Fundamentals of Computer Science I (CS151.02 2007S)

Laboratory: Files

This lab is also available in PDF.

Summary: In this laboratory, we explore file creation, input, and output in Scheme.



a. Scan through this lab to determine what kinds of tasks you'll need to complete.

b. You should also scan through the reading on files in Scheme.

c. Start DrScheme.


Exercise 1: Reading Values

As you may recall from the reading, I have prepared two simple files for simple exploration of input and output, /home/rebelsky/Web/Courses/CS151/2007S/Examples/hi.dat, and /home/rebelsky/Web/Courses/CS151/2007S/Examples/sample.dat.

a. Using a sequence of commands in the interaction window, read all the characters from hi.dat. For example,

> (define source
    (open-input-file "/home/rebelsky/Web/Courses/CS151/2007S/Examples/hi.dat"))
> (read-char source)
> (read-char source)
> (close-input-port source)

b. Using a sequence of commands in the interaction window, read all the characters from sample.dat.

c. Using a sequence of commands in the interaction window, read all the values from sample.dat (use read rather than read-char).

d. Using a sequence of commands in the interaction window, read all the values from hi.dat.

Exercise 2: Summing Values

The file /home/rebelsky/Web/Courses/CS151/2007S/Examples/numbers.dat contains five hundred and twenty-eight natural numbers.

a. Use sum-of-file from the reading to determine their sum.

b. How would you quickly determine if your attempt to sum those numbers was correct?

Note: That file was copied from a similar file produced by Mr. Stone.

Exercise 3: File Length

Using sum-of-file (and its helpers) as a pattern, write a Scheme procedure file-size that takes as argument a string that names a file and returns the number of characters in that file (that is, the number of times that read-char can be called to read a character from the file without returning the end-of-file object).

Exercise 4: Missing Files

Find out what happens if sum-of-file or file-size is given a string that does not name any existing file.

Exercise 5: Reading All Lines

Write a procedure, read-lines, that takes the name of a file as a parameter and returns a list of all the lines of the file (with each line represented as a string). You can certainly use the read-line procedure from the reading as a helper for read-lines. You might use sum-of-file as a pattern for read-lines.

Exercise 5: Displaying Files

Write a procedure, display-file, that takes the name of a file as a parameter and displays the contents of the file with each line preceded by its line number. You may find it useful to call upon the previous procedure to do the reading.

Exercise 7: Creating Files

a. In the interactions pane, write a series of expressions that will create a file, my-info, with the following lines (substituting your own name and major).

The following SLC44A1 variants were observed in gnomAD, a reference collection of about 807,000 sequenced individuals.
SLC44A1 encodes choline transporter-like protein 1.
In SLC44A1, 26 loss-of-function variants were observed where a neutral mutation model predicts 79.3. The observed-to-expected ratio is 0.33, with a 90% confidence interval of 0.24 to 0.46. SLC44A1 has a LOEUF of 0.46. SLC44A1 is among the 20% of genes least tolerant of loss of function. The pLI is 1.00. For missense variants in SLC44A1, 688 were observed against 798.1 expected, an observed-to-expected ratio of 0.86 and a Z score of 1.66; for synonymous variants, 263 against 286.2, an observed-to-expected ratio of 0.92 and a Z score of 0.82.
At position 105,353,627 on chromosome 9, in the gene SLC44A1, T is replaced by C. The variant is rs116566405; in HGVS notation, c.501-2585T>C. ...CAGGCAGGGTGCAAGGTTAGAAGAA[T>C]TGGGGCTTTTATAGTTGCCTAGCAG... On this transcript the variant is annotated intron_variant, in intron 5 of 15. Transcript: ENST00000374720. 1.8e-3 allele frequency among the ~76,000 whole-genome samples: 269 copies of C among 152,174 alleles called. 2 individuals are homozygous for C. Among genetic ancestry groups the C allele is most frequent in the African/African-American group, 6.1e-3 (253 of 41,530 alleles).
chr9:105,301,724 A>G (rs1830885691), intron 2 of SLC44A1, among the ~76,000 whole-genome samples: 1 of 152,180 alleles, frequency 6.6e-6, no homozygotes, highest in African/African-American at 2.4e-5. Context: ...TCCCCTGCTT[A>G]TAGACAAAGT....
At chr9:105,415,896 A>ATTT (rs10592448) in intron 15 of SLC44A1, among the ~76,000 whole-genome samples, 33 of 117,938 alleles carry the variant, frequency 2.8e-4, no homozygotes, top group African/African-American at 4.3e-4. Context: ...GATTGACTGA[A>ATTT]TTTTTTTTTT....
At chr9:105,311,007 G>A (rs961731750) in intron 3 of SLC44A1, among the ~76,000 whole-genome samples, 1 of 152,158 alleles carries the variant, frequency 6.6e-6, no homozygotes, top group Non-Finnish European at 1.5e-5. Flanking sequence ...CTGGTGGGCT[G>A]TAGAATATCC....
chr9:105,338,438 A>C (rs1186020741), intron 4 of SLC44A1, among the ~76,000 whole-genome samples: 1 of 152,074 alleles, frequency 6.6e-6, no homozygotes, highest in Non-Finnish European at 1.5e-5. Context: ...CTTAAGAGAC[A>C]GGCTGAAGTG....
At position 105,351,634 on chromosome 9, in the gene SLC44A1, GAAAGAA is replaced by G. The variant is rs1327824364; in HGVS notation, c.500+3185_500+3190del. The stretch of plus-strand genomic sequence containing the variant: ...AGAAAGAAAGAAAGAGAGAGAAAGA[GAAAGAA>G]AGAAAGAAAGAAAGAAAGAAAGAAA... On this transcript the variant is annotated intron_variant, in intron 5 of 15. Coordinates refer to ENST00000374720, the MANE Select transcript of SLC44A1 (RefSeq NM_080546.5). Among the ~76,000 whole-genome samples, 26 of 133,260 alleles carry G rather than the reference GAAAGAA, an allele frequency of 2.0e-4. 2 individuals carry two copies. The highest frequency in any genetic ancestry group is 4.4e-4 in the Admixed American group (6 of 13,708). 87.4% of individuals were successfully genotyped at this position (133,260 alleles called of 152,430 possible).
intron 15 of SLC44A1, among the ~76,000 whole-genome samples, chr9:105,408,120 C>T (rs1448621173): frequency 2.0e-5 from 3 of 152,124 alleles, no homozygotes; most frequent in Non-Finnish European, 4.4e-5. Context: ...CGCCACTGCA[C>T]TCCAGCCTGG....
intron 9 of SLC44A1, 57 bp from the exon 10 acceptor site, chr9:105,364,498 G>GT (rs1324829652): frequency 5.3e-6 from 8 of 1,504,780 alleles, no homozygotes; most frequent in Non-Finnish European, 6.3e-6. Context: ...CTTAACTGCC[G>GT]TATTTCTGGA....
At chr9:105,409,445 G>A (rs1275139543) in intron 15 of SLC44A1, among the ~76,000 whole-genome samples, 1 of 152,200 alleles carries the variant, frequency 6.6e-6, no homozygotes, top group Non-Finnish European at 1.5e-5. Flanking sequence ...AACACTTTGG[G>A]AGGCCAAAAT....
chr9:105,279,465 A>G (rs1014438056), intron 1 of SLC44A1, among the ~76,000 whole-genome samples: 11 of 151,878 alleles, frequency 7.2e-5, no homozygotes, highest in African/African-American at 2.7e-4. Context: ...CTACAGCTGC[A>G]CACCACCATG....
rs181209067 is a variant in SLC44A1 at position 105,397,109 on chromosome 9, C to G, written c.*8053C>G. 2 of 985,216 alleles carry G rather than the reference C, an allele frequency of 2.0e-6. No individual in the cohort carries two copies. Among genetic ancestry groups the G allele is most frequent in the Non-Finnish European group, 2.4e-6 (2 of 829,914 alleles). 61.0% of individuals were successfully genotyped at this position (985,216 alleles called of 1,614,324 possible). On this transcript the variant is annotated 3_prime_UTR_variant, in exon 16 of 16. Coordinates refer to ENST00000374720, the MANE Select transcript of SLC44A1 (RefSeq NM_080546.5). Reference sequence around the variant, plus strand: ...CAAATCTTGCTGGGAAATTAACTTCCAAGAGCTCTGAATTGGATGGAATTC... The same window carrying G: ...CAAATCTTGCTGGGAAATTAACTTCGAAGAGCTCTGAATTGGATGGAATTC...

Name: last, first
Major: major-or-undeclared

b. Write a Scheme procedure, (dump-info file-name last-name first-name major) that, given four strings as parameters, writes the following to the file named by file-name,

Name: last-name, first-name
Major: major

Exercise 8: Finding Divisors

Use the store-divisors procedure from the reading to draw up a list of the divisors of 120, storing them in a file named divisors-of-120. Examine the file afterwards and confirm that the answer is correct.

By the way, don't give this procedure an extremely large number as argument -- it's much too slow. There are more efficient ways to find divisors!

Exercise 9: Reusing Output Files

The Scheme standard says that if you try to open an output port to a file that already exists, the effect is unspecified, i.e., anything might happen. Hence, designers of a particular implementation of Scheme are free to do what they choose.

a. Find out through experimentation what DrScheme does in this situation.

b. Find out using DrScheme's Help Desk what DrScheme allows programmers to do in this situation. (The help desk document is entitled Opening file ports.)

Exercise 10: Counting Characters

Write a Scheme procedure that takes as arguments two file names (an input file and an output file), counts the number of occurrences of each vowel in the input file, and writes the result to the output file. Note that the output file should have the following form (with numbers in place of the number signs):

a: ###
e: ###
i: ###
o: ###
u: ###

If you have time or inclination, extend your procedure to deal with all 127 ASCII characters.




Disclaimer: I usually create these pages on the fly, which means that I rarely proofread them and they may contain bad grammar and incorrect details. It also means that I tend to update them regularly (see the history for more details). Feel free to contact me with any suggestions for changes.

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Samuel A. Rebelsky,

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